From my house to colored town

From my house to colored town in the 1950s,
A short half-mile drive, walk or ride on my bike.

Until I began high school, we drove through it every day.
When I began high school I walked to the corner of colored town
to catch the whites-only bus to a whites-only high school.
Until I was 14 I rode my bike to the corner and turned right
every time I went riding around the rural white neighborhood.

The road I turned onto made a big loop past dense trees and shrubs
hiding big houses on the river, No Trespassing signs posted everywhere.
I wasn’t allowed to ride my bike through colored town.
I didn’t want to. It felt like trespassing.  I wasn’t afraid.
But I wasn’t comfortable, either. I knew I was an outsider.

Colored town wasn’t hidden away in the shrubs or trees.
Most houses were lined up one right after another
along both sides of the narrow paved road.
No sidewalks, right of way or long driveways.
Just huge water oaks overshadowing a narrow rural road.

I was shocked and disturbed by what I saw.
Everything from simple, sometimes patched together houses
of wood and metal, some unpainted, to a handful of
more stable, sometimes unpainted concrete-block houses.
Some with small stoops.  No fancy porches.

Easier to live in during warm weather; a stretch in the cold.
Most had chimneys, some didn’t. Some had electricity, some didn’t.
Windows and roofs could be sketchy, patched with metal and cardboard.
There were usually children running around.
Sometimes I could smell what was cooking for dinner.

I got used to it, but I didn’t get comfortable with it.
I felt awkward driving by and having people stare
at us and our car. What were they thinking?
My little girl heart went out to them. We drove slowly.
Every now and then a young child would smile and wave.

Public high school meant riding the yellow bus for white kids.
It also meant leaving our house early in the morning
so I could walk the half mile and not miss the bus.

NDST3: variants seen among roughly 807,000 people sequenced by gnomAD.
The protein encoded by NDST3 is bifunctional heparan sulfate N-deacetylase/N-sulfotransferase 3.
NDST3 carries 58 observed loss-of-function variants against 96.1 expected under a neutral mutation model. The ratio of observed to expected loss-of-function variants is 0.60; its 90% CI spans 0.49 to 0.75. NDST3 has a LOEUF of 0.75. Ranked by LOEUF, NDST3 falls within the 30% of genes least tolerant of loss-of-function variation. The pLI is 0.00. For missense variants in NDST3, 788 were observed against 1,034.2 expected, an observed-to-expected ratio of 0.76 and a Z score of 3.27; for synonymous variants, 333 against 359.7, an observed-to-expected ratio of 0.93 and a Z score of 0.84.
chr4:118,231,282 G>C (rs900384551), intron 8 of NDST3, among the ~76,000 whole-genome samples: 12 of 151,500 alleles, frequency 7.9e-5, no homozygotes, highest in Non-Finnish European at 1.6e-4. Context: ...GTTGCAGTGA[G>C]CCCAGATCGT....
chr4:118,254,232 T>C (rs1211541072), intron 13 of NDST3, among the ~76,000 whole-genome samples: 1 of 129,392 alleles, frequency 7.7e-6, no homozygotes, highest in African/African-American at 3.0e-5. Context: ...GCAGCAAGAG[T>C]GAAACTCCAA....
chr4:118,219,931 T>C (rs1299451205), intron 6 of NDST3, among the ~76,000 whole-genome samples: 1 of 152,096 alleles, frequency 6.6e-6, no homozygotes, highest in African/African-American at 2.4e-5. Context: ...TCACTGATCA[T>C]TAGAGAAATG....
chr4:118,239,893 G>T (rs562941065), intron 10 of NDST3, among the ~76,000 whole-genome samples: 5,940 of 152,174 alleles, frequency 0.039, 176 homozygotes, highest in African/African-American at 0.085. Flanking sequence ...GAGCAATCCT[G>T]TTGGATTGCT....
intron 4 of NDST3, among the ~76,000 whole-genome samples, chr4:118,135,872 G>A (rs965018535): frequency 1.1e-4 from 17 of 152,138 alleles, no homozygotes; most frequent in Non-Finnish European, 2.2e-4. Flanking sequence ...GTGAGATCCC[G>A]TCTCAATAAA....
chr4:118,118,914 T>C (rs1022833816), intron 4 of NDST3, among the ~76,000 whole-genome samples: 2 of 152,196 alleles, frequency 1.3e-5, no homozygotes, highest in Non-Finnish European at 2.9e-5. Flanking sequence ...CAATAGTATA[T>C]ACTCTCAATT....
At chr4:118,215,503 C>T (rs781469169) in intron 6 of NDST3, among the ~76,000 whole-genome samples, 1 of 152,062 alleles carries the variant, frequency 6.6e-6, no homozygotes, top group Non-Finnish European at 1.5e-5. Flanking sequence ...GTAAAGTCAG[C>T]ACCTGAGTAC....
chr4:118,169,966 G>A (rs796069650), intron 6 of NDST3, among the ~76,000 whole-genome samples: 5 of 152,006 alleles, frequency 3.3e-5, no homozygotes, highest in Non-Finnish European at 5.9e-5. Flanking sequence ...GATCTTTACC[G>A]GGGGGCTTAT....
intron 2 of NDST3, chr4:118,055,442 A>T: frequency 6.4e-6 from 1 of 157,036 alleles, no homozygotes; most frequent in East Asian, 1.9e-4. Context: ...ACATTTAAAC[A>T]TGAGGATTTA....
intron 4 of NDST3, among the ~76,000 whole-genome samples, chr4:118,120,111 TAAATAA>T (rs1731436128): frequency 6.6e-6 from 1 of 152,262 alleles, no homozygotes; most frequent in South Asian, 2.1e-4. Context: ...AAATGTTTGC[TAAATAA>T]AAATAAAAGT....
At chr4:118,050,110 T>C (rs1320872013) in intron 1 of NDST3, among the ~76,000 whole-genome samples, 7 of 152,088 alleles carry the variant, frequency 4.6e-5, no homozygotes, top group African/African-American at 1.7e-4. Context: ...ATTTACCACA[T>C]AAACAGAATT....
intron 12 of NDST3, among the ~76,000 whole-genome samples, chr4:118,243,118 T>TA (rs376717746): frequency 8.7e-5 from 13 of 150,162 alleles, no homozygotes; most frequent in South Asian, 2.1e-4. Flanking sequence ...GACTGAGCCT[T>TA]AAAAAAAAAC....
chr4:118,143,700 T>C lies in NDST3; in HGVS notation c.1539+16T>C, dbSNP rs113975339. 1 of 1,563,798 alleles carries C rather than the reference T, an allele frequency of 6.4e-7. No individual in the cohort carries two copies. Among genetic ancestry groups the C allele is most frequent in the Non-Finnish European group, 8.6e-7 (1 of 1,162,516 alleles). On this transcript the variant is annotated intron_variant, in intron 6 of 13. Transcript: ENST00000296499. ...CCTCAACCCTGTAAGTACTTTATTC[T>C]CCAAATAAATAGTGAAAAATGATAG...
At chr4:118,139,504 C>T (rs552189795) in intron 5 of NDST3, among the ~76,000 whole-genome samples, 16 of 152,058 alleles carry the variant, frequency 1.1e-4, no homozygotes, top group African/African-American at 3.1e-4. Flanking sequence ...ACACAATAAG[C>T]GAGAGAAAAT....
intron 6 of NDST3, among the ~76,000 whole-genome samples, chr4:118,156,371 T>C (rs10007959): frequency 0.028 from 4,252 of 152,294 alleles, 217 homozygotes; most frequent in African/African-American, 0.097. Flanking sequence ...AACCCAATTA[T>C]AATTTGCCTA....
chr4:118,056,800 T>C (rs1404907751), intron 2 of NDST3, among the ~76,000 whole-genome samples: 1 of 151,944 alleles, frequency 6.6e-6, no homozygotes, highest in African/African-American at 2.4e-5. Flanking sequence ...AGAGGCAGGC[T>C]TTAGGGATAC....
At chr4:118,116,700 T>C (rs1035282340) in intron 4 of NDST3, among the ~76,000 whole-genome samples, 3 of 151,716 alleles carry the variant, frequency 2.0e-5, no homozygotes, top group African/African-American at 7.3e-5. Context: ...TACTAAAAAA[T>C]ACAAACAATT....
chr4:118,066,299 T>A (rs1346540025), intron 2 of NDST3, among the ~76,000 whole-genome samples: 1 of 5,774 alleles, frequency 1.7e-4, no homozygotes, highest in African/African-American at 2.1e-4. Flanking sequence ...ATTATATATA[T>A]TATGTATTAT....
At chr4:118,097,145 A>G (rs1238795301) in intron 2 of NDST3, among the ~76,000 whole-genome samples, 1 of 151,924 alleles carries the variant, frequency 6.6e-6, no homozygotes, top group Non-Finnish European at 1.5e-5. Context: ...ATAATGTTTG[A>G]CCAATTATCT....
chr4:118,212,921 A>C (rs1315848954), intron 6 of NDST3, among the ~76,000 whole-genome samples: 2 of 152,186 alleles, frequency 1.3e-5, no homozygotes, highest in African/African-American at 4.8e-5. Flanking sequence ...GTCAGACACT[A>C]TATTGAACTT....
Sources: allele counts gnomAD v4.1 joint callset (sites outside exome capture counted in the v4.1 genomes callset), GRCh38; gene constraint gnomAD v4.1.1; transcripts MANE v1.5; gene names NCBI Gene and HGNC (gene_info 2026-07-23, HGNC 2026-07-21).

I liked walking.  I didn’t like standing at the corner
just outside someone else’s house, waiting for the bus.

This was colored town. I always felt like a trespasser.
Partly because I was standing in front of someone else’s house.
But mostly because it seemed my eyes were trespassing,
seeing private things, private property, the lives of others
who hadn’t invited me to visit them today.

One morning I smelled the aftermath of a fire.
When I got to the corner, the first house in colored town
didn’t exist anymore.  Charred remains, smoke still in the air,
an eery silence.  No walls, no children, no food cooking.
The death of a family’s private space in an unprivate setting.

My mind raced with questions I couldn’t answer.
Neither could either of my parents.
Where did the family go? What about all their clothes?
There weren’t even any people around looking at it.
It was here just yesterday.  Gone overnight.

The tavern sat at the other end of colored town,
perhaps a quarter of a mile from where I caught the school bus.
The rural neighborhood was different on the other side,
thanks to the tavern and its late night services for customers.
It burned down years ago, taking many secrets with it.

© Elouise Renich Fraser, 20 February 2015